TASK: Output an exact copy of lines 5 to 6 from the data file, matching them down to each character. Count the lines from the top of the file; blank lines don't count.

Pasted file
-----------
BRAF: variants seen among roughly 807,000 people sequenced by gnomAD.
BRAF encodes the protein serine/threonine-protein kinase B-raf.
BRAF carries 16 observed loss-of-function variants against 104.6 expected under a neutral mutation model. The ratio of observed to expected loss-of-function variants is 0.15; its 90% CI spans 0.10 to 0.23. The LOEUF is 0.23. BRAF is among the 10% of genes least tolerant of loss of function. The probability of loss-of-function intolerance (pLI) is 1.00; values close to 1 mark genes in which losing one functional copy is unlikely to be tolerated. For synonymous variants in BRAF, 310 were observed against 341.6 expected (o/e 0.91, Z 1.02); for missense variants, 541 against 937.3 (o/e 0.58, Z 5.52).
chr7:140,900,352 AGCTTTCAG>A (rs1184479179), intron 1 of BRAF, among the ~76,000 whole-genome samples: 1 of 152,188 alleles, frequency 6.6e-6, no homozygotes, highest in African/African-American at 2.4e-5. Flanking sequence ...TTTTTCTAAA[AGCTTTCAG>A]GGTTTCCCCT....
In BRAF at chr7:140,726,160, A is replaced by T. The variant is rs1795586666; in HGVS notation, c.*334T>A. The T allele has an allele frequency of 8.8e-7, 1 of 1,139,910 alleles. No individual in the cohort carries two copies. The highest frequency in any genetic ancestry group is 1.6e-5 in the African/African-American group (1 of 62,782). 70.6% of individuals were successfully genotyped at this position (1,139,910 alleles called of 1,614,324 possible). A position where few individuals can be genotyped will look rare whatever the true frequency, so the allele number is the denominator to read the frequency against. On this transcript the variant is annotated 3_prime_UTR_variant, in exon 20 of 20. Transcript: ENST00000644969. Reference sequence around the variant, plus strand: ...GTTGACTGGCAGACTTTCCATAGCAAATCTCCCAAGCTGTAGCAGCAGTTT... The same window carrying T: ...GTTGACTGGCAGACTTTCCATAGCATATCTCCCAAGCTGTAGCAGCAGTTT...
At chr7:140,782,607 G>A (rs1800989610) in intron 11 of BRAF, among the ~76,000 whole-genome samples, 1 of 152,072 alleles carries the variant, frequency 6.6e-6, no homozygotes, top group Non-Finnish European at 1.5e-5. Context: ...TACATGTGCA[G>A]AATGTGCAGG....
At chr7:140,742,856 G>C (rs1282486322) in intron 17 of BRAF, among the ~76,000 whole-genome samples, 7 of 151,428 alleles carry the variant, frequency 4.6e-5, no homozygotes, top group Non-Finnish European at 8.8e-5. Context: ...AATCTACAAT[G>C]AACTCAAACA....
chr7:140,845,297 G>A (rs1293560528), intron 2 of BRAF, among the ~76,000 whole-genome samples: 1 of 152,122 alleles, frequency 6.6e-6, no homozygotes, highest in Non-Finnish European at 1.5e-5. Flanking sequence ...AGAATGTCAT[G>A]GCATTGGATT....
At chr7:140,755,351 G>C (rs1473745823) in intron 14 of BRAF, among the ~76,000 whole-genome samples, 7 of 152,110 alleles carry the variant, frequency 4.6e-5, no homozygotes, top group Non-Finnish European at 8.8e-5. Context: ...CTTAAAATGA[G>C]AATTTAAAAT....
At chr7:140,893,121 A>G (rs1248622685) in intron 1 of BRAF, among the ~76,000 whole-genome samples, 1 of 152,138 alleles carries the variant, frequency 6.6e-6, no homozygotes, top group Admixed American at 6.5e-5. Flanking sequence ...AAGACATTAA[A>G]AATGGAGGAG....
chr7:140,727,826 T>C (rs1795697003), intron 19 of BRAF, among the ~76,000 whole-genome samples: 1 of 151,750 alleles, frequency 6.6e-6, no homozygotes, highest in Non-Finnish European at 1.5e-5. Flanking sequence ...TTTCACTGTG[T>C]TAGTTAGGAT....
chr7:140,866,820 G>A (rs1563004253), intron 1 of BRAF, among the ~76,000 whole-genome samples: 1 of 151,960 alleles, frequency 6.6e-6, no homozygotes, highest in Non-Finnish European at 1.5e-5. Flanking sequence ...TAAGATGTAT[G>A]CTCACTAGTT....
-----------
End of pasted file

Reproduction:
In BRAF at chr7:140,726,160, A is replaced by T. The variant is rs1795586666; in HGVS notation, c.*334T>A. The T allele has an allele frequency of 8.8e-7, 1 of 1,139,910 alleles. No individual in the cohort carries two copies. The highest frequency in any genetic ancestry group is 1.6e-5 in the African/African-American group (1 of 62,782). 70.6% of individuals were successfully genotyped at this position (1,139,910 alleles called of 1,614,324 possible). A position where few individuals can be genotyped will look rare whatever the true frequency, so the allele number is the denominator to read the frequency against. On this transcript the variant is annotated 3_prime_UTR_variant, in exon 20 of 20. Transcript: ENST00000644969. Reference sequence around the variant, plus strand: ...GTTGACTGGCAGACTTTCCATAGCAAATCTCCCAAGCTGTAGCAGCAGTTT... The same window carrying T: ...GTTGACTGGCAGACTTTCCATAGCATATCTCCCAAGCTGTAGCAGCAGTTT...
At chr7:140,782,607 G>A (rs1800989610) in intron 11 of BRAF, among the ~76,000 whole-genome samples, 1 of 152,072 alleles carries the variant, frequency 6.6e-6, no homozygotes, top group Non-Finnish European at 1.5e-5. Context: ...TACATGTGCA[G>A]AATGTGCAGG....